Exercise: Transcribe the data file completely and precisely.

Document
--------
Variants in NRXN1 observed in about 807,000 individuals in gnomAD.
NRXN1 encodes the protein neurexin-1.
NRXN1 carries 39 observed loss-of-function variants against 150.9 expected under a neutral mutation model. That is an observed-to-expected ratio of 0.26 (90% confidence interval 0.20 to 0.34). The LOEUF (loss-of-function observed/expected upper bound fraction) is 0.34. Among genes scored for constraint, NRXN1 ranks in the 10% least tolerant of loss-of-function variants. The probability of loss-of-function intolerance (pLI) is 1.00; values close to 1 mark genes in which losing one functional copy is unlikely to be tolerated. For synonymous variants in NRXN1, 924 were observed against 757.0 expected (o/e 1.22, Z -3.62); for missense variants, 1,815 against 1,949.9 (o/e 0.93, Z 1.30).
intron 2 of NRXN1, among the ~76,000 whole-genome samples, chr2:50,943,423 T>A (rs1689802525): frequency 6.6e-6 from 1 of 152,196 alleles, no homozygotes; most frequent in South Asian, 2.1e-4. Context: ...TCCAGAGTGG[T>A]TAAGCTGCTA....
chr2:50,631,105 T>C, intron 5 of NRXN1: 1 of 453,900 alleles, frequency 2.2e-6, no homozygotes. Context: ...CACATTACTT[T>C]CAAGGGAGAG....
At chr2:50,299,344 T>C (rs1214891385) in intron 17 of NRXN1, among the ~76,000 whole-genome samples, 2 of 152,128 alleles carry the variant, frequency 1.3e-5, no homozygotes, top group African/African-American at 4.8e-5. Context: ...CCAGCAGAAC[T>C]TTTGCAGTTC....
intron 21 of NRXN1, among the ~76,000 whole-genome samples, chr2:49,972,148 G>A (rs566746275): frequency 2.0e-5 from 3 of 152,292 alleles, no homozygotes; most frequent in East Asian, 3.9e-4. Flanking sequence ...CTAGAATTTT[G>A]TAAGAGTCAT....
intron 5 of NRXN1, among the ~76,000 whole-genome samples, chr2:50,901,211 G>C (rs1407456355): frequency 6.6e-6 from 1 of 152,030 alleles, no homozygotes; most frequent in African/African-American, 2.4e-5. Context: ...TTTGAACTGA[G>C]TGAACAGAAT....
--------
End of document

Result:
Variants in NRXN1 observed in about 807,000 individuals in gnomAD.
NRXN1 encodes the protein neurexin-1.
NRXN1 carries 39 observed loss-of-function variants against 150.9 expected under a neutral mutation model. That is an observed-to-expected ratio of 0.26 (90% confidence interval 0.20 to 0.34). The LOEUF (loss-of-function observed/expected upper bound fraction) is 0.34. Among genes scored for constraint, NRXN1 ranks in the 10% least tolerant of loss-of-function variants. The probability of loss-of-function intolerance (pLI) is 1.00; values close to 1 mark genes in which losing one functional copy is unlikely to be tolerated. For synonymous variants in NRXN1, 924 were observed against 757.0 expected (o/e 1.22, Z -3.62); for missense variants, 1,815 against 1,949.9 (o/e 0.93, Z 1.30).
intron 2 of NRXN1, among the ~76,000 whole-genome samples, chr2:50,943,423 T>A (rs1689802525): frequency 6.6e-6 from 1 of 152,196 alleles, no homozygotes; most frequent in South Asian, 2.1e-4. Context: ...TCCAGAGTGG[T>A]TAAGCTGCTA....
chr2:50,631,105 T>C, intron 5 of NRXN1: 1 of 453,900 alleles, frequency 2.2e-6, no homozygotes. Context: ...CACATTACTT[T>C]CAAGGGAGAG....
At chr2:50,299,344 T>C (rs1214891385) in intron 17 of NRXN1, among the ~76,000 whole-genome samples, 2 of 152,128 alleles carry the variant, frequency 1.3e-5, no homozygotes, top group African/African-American at 4.8e-5. Context: ...CCAGCAGAAC[T>C]TTTGCAGTTC....
intron 21 of NRXN1, among the ~76,000 whole-genome samples, chr2:49,972,148 G>A (rs566746275): frequency 2.0e-5 from 3 of 152,292 alleles, no homozygotes; most frequent in East Asian, 3.9e-4. Flanking sequence ...CTAGAATTTT[G>A]TAAGAGTCAT....
intron 5 of NRXN1, among the ~76,000 whole-genome samples, chr2:50,901,211 G>C (rs1407456355): frequency 6.6e-6 from 1 of 152,030 alleles, no homozygotes; most frequent in African/African-American, 2.4e-5. Context: ...TTTGAACTGA[G>C]TGAACAGAAT....